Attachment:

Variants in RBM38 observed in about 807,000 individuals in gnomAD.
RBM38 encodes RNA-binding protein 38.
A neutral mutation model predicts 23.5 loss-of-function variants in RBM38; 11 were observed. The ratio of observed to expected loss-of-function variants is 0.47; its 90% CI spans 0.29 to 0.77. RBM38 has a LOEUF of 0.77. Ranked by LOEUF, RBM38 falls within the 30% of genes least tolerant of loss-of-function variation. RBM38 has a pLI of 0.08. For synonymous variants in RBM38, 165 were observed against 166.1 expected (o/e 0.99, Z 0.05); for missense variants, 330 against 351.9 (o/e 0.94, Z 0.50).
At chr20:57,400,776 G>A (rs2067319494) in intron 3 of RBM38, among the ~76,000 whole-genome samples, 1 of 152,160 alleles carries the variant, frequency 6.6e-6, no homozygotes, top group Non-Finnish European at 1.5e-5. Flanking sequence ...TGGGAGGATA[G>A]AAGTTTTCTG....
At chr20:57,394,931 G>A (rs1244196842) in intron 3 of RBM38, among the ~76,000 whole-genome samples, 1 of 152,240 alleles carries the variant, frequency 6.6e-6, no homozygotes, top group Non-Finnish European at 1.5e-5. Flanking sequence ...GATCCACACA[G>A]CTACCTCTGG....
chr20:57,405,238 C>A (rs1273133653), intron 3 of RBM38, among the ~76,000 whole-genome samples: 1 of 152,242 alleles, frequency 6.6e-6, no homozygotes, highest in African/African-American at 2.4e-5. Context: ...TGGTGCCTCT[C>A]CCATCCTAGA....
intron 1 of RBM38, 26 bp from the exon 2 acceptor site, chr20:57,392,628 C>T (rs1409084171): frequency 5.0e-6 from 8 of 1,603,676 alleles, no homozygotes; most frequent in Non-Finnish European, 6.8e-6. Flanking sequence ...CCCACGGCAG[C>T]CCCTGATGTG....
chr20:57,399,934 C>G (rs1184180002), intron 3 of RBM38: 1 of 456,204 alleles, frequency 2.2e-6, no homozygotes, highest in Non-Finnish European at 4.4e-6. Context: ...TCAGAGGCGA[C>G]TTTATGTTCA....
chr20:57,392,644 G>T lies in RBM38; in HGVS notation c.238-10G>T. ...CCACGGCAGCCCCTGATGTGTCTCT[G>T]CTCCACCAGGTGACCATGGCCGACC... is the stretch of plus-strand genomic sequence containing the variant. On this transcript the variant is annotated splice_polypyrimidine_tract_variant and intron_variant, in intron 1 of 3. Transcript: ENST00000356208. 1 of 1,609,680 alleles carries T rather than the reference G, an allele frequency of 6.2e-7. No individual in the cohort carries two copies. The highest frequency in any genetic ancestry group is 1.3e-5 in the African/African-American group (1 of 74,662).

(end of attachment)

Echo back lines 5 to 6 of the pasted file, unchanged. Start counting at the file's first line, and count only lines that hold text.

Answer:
At chr20:57,394,931 G>A (rs1244196842) in intron 3 of RBM38, among the ~76,000 whole-genome samples, 1 of 152,240 alleles carries the variant, frequency 6.6e-6, no homozygotes, top group Non-Finnish European at 1.5e-5. Flanking sequence ...GATCCACACA[G>A]CTACCTCTGG....
chr20:57,405,238 C>A (rs1273133653), intron 3 of RBM38, among the ~76,000 whole-genome samples: 1 of 152,242 alleles, frequency 6.6e-6, no homozygotes, highest in African/African-American at 2.4e-5. Context: ...TGGTGCCTCT[C>A]CCATCCTAGA....